Nutritional Analysis per serving (6 servings)Powered by
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Leave the can of instant tomato soup on the shelf and whip up Barbara Lynch’s fresh, snappy version. The chef-owner of six locales in Boston, including No. 9 Park and Menton, suggests serving her soup with a crispy, oozy grilled cheese sandwich.
Adapted from "Stir: Mixing It Up in the Italian Tradition" by Barbara Lynch
1Heat the olive oil in a large saucepan over medium heat until shimmering. Add the onions and red pepper flakes and cook, stirring occasionally, until the onions are translucent and very tender, about 10 minutes.
2Stir in the tomatoes and their juices, plus the water, and bring to a boil. Reduce the heat to low and simmer, stirring occasionally, until the flavors have melded, about 30 minutes. Add the basil, season with salt and pepper, remove from the heat, and let cool briefly, about 5 minutes.
3Set a fine-mesh strainer over a large, heatproof bowl. Using a blender, purée the soup in batches until smooth, removing the small cap from the blender lid (the pour lid) and covering the space with a kitchen towel (this allows steam from the hot soup to escape and prevents the blender lid from popping off). Pour the blended soup through the strainer, pressing on the solids with a rubber spatula or ladle; discard the solids. Taste the soup and season with additional salt and pepper as needed.
4Return the soup to the saucepan and reheat on medium low until hot. If you choose, serve topped with a tablespoon of crème fraîche.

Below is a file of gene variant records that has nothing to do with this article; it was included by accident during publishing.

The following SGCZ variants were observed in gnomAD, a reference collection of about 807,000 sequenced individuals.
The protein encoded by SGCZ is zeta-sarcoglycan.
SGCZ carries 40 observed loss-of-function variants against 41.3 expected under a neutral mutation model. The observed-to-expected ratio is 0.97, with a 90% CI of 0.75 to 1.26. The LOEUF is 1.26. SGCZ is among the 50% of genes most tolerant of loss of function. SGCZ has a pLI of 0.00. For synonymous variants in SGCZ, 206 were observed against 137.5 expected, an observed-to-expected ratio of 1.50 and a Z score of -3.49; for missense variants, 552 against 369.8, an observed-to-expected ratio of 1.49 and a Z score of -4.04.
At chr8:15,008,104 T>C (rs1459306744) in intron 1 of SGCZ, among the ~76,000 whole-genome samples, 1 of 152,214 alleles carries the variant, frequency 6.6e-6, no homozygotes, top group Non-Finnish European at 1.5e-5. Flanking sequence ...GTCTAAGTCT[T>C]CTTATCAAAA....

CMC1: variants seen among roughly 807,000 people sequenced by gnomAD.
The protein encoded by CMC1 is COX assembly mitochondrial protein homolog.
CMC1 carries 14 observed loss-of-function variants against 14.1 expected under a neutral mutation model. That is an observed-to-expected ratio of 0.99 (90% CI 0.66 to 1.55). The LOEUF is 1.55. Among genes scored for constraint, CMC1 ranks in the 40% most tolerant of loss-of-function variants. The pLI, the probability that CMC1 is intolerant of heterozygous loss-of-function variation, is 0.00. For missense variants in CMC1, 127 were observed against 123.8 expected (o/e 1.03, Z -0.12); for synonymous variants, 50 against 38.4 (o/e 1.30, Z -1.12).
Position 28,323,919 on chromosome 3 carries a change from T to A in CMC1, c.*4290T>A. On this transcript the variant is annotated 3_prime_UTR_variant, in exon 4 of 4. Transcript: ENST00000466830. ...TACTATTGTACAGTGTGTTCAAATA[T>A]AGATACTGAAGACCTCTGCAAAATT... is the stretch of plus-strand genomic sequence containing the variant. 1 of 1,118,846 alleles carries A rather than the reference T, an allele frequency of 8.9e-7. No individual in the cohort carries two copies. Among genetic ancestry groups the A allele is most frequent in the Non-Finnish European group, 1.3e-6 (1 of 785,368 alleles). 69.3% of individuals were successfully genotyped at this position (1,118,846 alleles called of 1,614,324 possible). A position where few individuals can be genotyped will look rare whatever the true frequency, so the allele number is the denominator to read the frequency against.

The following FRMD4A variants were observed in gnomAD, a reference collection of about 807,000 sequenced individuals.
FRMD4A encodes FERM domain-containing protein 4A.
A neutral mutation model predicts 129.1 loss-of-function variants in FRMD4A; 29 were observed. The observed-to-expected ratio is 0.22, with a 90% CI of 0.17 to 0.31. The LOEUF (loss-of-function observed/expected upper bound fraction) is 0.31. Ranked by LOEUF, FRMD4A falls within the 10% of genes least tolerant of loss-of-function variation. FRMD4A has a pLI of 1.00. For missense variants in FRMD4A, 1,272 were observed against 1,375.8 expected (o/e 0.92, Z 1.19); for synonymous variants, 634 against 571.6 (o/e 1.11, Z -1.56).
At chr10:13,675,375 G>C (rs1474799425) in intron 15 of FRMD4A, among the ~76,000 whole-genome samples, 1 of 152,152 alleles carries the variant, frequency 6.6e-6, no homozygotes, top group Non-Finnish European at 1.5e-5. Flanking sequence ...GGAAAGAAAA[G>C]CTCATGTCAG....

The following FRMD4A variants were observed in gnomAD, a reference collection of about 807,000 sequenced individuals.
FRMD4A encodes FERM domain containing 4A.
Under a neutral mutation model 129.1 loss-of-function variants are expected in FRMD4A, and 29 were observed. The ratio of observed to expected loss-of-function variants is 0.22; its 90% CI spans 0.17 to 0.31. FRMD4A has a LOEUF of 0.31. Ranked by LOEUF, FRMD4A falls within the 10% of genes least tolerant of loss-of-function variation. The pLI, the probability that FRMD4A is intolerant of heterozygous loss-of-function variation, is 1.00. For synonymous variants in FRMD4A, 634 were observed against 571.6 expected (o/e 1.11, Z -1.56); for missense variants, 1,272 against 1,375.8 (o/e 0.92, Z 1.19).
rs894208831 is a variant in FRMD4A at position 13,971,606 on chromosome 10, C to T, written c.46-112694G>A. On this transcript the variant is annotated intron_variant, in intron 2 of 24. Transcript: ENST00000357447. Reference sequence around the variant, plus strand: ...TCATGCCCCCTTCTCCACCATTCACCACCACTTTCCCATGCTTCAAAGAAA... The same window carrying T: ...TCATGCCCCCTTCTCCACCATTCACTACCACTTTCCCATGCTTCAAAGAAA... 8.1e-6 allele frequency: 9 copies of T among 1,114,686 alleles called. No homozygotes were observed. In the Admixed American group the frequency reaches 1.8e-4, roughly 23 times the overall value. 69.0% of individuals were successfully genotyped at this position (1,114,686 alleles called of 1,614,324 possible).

In this episode of Chow-To, Guillermo visits Sarah Lee, founder of Kimbap Lab, and expert in Korean home cooking, to learn how to make Dduk Guk, a rice cake soup traditionally eaten to celebrate the Lunar New Year in Korea. This is a perfect winter soup beyond the holiday. Loaded with soft pillowy rice cakes, delicious garnishes, and a rich beef broth, this is comfort in a bowl.
In our inaugural episode of CHOW-TO, Guillermo learns how to make Bun Bo Hue with Chef Jimmy Ly of Madame Vo in New York City. Bun Bo Hue is the second most popular traditional Vietnamese soup after Pho, this one originating in the city of Hue in Central Vietnam (translated to English Bun means noodles, and Bo means beef). It is a dish famous for its balance of acidity, spice, and umami flavors. This particular iteration is inspired by Southern Vietnam, and is spicy and rich in color and flavor. Watch and learn!
CHOW-TO is an instructional series hosted by Senior Video Producer Guillermo Riveros dedicated to breaking down the process for creating the most delicious foods. Follow along for valuable insight and guidance from the world's finest chefs.
Nasi Lemak is the de facto national dish of Malaysia. Traditionally eaten for breakfast, it might seem like a simple dish. But don't be fooled, this is a flavor bomb. Guillermo visits chef Kyo Pang, at her restaurant Kopitiam in the Lower East Side of Manhattan to learn how to make this Baba Nyonya-staple. It's a fragrant, spicy and sweet delicacy — and even inspired its own Google Doodle. Are you ready to shake up your morning routine?